A naked American man stole my balloons ….

A German woodcut of werewolf from 1722, courtesy of Wikipedia Commons

I love a good old fashioned film monster, but I have an extra soft spot for the werewolf. I feel a bit sorry for them, they don’t seem to get as much glamour as other film nasties. Unlike their film cousins, the vampire, they very rarely get the girl. The poor werewolf often wakes up in compromising situations, after a night out (many of us can empathise a bit).

When I first watched An American Werewolf in London (1981) I immediately wanted to be Jenny Agutter. I enjoyed her far more as Nurse Alix Price, than I did as Bobbie in the Railway Children. I am probably not alone in this either. I’m sure many males of a certain age may agree.

The thing about werewolves, specifically the way they have been portrayed in many films, is that I find something incredibly appealing about the loneliness and isolation that appears to surround them. Even when portrayed as living in a pack, they choose to live in isolated locations. A family effort to protect civilisation from their murderous moon driven rampages. Dog Soldiers (2002) captured this perfectly for me. I won’t give any spoilers, but the remote cottage in Scotland isn’t as quaint as it looks.  Film and TV give incredible power in bringing our darkest monsters to life. The magic of the movies can define how a generation imagines the character traits of these beings for years to come. Cinema has made werewolves sad. They have been portrayed as the carnivore with a conscience.

In 2016, there was recurrence of reported werewolf sightings in the UK in the media. Angry locals were out with pitchforks at full moon, and the poor old werewolf once again found himself being hunted by the mob. A scene, sadly reminiscent of the hunt to extinction of his relative, the British Wolf.

Local papers claimed that these sightings were of beasts which wouldn’t sound out of place in a Hammer Horror movie script. The Beast of Barmston Drain and Old Stinker have, according to reports allegedly been sneaking around parts of Yorkshire and eating pet dogs at full moon.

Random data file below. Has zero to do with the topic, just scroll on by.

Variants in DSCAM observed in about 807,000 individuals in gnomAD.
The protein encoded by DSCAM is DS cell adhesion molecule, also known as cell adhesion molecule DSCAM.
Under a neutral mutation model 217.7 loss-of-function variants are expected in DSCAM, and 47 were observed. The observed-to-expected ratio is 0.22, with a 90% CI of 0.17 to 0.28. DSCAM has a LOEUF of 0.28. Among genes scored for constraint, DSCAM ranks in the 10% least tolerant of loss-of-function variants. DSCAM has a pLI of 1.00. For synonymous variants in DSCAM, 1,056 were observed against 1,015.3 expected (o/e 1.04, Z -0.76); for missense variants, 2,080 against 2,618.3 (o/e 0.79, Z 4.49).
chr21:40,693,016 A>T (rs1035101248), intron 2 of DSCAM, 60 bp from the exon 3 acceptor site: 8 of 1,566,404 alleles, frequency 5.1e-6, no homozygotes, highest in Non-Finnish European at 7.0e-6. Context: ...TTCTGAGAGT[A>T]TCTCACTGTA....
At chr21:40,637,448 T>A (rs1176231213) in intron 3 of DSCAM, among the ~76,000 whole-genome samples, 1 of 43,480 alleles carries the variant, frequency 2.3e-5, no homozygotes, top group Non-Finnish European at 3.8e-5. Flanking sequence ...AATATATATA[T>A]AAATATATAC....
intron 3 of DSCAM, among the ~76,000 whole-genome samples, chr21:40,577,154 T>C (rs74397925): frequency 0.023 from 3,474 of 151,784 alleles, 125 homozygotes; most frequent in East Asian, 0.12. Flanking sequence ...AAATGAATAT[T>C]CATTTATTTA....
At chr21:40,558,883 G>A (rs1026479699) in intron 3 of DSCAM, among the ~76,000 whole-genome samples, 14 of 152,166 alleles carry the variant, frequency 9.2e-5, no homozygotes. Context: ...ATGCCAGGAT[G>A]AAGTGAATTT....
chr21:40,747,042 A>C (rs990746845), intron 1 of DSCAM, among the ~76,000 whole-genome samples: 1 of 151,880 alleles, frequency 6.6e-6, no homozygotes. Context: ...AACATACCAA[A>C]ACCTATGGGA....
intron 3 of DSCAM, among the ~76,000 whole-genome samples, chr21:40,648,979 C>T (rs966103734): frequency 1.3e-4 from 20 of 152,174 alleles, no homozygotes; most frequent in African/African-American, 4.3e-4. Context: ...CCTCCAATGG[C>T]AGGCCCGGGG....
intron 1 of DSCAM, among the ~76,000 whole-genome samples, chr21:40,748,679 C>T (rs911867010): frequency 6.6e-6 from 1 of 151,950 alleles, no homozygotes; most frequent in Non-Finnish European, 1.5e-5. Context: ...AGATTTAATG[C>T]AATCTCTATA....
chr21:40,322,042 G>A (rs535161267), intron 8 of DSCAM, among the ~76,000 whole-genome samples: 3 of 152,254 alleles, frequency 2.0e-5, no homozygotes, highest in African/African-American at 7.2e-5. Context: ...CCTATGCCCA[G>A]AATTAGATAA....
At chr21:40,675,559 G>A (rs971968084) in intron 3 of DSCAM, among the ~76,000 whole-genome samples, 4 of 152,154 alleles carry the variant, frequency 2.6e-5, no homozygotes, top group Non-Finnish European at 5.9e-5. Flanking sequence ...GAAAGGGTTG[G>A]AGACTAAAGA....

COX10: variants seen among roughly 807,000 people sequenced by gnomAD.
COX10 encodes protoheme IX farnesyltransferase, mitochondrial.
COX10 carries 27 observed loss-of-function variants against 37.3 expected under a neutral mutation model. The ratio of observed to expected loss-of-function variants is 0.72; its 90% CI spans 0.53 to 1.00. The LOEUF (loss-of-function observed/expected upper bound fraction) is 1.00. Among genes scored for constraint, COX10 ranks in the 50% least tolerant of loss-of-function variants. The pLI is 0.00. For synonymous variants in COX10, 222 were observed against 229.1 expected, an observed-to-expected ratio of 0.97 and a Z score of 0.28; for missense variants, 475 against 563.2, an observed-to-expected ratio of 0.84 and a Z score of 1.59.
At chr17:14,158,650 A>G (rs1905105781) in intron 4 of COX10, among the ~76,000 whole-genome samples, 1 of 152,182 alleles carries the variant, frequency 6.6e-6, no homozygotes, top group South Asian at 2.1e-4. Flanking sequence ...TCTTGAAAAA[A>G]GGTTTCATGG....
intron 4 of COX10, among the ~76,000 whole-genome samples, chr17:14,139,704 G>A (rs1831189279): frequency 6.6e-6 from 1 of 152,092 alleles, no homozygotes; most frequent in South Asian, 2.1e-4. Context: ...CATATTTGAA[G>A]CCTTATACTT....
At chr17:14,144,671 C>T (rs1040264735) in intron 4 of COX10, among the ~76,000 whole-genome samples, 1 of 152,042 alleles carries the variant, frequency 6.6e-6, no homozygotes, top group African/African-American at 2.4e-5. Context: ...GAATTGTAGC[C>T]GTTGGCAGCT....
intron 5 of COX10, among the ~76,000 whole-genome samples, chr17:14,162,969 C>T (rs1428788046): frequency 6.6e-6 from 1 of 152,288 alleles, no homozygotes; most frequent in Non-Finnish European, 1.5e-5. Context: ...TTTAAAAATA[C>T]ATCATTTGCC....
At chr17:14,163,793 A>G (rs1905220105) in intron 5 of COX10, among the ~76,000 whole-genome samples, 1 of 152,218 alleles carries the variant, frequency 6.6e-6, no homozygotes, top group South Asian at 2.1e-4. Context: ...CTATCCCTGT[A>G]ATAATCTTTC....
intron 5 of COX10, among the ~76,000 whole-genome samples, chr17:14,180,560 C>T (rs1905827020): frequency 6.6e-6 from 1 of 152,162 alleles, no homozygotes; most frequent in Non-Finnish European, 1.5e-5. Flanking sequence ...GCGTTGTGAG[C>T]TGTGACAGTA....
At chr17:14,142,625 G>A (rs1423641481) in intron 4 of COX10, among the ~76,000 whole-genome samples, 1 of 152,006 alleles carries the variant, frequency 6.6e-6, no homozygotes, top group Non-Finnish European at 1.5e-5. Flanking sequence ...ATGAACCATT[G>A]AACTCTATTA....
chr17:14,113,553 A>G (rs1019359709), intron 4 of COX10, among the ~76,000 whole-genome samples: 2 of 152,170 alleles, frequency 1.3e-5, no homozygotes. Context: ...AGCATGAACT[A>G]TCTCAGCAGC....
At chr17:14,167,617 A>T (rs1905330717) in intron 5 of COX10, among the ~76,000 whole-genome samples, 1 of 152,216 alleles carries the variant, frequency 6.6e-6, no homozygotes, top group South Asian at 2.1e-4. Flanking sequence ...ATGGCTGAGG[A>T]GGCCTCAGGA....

Werewolf sightings in the UK are not limited to the Yorkshire folk, although “beware the moon” does sound better with a Yorkshire accent. One of my personal favourite werewolf encounters, comes not many miles north of my house, in the Northumberland market town of Hexham.

The story of the Hexham Heads and the strange encounters that followed is one that intrigues me to this day. Like any good story, it is surrounded in controversy. The story begins in 1971, when a pair of stone heads were dug up by children in their back garden. Following their discovery, the family and the neighbours claimed that they began to encounter unusual experiences in their neighbouring properties. These ranged from objects being moved to an encounter with a half man- half sheep like entity in the house (yes, a weresheep).

The heads were then given to academic, Dr Anne Ross who had an interest in Celtic artefacts. Dr Ross and her daughter both claimed to have witnessed a werewolf like entity on separate occasions after they took receipt of the heads. This culminated with Dr Ross refusing to have the heads in her house. The mysterious part about the heads is that no one has been able to date them, academic debate has ensued for years. Some claiming (including Dr Ross) that the heads were indeed Celtic, others claiming they were much later. However, to add another spanner into the works. A local Hexham man came forward, claiming he had made the heads in 1956 for his daughter to play with (what child doesn’t want a stone head as a toy?) The claim was disputed by some academics, and the debate rumbled on. Unfortunately, the heads have since been lost, and their origin never confirmed. However, the mystery of the Hexham heads and the shadowy werewolf/weresheep figure that was allegedly disturbed by their finding remains to this day.

The enigma of the werewolf goes on. Is it out there, living in the shadows awaiting the next full moon to terrify university lecturers and eat stray dogs. Or, is the werewolf a creation of our own folklore memory? A throwback to times gone by, when we hunted packs of wolves to extinction in fear of our livestock. Romanticised over the years by the glamour of the big screen. But one thing is certain, next time I wake up with no recollection of the night before and find a strange naked man in my bed, I’ll be sure to check for claw marks…..

References

Branagan, M. (2016). Residents trembling in terror after seeing ‘8 FOOT WEREWOLF’ in British city. Available: http://www.express.co.uk/news/uk/670358/Hull-South-Yorkshire-werewolf-Old-Stinker-full-moon-Barmston-Drain. Last accessed 13th March, 2017.

Screeton, P (2010). Quest for the Hexham Heads. North Devon: CFZ Publications.

Werewolf and Vampire Reports from the UK and Ireland. Available: http://www.paranormaldatabase.com/reports/vampdata.php. Last accessed 13th March, 2017.